“It’s like Nazi Germany” UKIP candidate trashes King’s College
UKIP and Green party clash over who is the most fascist as King’s debate gets out of control.
In King’s Politics’ launch debate, UKIP and Green candidates were embroiled in a row over who was more fascist.
After being subjected to heckling by Green candidate Rupert Read, UKIP’s Mark Hughes said the atmosphere of Keyne’s Hall, King’s was “like Nazi Germany”.
Read’s slick comeback of “take a look in the mirror, mate” left students in fits of giggles. The spat continued with the Greens reprimanding UKIP for not being worthy of debate and UKIP accusing the Greens of trying to shut it down.
A video given exclusively to The Tab shows Hughes defending himself:
But that wasn’t it for Hughes. In a heated ‘discussion’ with CDE members he was told he “wasn’t welcome in King’s bar” because he was a “racist and a homophobe.”
CDE explained that “he was not a charming man anyway.”
Speaking to us, Hughes insisted:
“I’m not a racist and I’m not a homophobe. Check all my Twitter and all the records. You can see.”
He said he left early because he had a “dinner date.”
Later in the evening, CDE members yelled “Get out Tory scum” at CUCA members as they left the bar.
Speaking to us, Social Ents Officer of CUCA Samuel Carr said:
“It is regrettable that as the Conservative MEP candidate left after the debate, a number of students, one hopes unconnected to King’s Politics Society, decided to shout “Tory scum”.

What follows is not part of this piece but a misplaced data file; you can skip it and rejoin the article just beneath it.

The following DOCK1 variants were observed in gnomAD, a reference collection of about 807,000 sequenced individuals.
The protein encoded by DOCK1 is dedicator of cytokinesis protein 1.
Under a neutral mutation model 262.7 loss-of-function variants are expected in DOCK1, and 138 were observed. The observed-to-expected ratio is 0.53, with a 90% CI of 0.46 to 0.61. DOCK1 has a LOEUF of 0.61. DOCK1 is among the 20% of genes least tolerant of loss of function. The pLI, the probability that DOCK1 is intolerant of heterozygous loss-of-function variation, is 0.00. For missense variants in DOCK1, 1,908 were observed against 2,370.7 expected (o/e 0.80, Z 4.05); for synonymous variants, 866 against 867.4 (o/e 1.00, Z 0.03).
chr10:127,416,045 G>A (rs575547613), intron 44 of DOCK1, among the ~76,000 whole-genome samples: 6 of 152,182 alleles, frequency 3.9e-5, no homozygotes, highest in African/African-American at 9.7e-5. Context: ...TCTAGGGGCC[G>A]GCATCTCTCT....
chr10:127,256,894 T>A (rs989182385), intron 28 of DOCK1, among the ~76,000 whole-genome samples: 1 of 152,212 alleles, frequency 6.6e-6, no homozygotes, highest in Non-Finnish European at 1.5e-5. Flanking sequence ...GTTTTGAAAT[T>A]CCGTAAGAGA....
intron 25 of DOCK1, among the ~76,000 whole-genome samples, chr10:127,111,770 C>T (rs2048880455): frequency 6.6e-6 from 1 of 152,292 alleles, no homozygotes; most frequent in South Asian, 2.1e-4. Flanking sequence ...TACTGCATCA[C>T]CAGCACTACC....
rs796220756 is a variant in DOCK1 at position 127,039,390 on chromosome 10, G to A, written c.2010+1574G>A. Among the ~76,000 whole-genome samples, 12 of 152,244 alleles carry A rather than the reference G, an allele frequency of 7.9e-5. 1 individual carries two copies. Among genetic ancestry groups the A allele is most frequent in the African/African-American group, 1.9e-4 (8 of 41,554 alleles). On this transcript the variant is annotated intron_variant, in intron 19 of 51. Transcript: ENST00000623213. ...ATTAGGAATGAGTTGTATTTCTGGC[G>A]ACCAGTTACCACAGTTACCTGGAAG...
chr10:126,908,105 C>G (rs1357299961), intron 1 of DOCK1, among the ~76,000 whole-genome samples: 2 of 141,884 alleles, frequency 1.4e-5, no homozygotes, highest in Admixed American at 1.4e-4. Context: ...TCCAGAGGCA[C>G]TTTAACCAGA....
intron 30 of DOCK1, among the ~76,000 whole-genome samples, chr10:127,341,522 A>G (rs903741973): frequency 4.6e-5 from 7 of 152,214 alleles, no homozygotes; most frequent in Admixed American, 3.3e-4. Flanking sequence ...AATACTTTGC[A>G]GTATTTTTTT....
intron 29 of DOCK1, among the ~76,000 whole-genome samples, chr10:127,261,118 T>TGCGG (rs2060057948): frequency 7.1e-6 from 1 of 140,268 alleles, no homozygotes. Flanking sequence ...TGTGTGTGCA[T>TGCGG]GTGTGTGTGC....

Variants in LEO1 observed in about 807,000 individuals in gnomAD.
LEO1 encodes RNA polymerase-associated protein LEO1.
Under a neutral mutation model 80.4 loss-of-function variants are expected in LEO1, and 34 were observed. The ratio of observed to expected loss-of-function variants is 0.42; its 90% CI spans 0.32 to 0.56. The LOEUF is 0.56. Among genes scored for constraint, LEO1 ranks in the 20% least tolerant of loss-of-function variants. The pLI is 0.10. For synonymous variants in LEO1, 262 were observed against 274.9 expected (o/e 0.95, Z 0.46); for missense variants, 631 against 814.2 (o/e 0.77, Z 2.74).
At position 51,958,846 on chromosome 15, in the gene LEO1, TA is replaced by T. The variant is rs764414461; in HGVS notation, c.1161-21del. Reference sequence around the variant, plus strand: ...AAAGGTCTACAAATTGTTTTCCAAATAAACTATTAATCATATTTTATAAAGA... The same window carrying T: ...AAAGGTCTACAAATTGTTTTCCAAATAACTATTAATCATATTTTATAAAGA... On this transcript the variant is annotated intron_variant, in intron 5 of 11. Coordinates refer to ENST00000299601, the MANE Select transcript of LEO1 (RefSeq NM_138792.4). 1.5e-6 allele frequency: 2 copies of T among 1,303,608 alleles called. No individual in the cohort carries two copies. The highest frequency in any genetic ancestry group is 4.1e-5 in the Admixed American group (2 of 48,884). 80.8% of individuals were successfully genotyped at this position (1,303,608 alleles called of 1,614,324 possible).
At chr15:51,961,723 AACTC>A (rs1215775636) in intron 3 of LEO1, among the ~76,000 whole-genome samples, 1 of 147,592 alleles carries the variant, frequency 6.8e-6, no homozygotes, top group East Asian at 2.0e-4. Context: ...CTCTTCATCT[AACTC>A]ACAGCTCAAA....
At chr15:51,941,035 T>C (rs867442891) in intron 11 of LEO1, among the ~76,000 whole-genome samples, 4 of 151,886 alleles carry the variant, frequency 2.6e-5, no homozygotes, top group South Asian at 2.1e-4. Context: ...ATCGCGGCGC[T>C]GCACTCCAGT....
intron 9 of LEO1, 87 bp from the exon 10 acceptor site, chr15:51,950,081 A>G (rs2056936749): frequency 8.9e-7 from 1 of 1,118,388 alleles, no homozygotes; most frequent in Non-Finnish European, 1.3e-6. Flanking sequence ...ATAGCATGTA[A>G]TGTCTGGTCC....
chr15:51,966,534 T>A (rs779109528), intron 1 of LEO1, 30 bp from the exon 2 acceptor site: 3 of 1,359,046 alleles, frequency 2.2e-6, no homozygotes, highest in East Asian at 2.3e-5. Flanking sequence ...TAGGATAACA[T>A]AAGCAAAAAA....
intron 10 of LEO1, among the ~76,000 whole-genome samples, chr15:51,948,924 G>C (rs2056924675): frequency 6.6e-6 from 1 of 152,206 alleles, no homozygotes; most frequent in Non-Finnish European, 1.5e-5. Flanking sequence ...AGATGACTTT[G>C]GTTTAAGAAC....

“However, one almost expects these things from King’s – a college we all know to be dominated by angry left-wingers.”
The actual debate brought up questions on food banks, refugees, unemployment, and the referendum on the EU.
Tory candidate Tom Hunt did a particularly good job at reciting the entire transcript of the PM’s comments on the Andrew Marr show last Sunday. However, he did reassure us land-locked students that he would not blame the fishermen for anti-EU sentiment.
Labour’s Sandy Martin emphasised that he wants a voting age of 16, insisting that would make politicians focus on youth. Martin is notable for his abuse of the chair Micha Eversley, who is also staunchly Labour.
Rupert Read of the Greens, after a bit of corporation-bashing, soon came into his own by abusing UKIP. An excitable figure, he donned a fine waistcoat, though lacked serious political discussion.
Mark Hughes of UKIP was without doubt the most charismatic politician there, though calling the Greens ‘fascists’ was perhaps a slight error of judgement.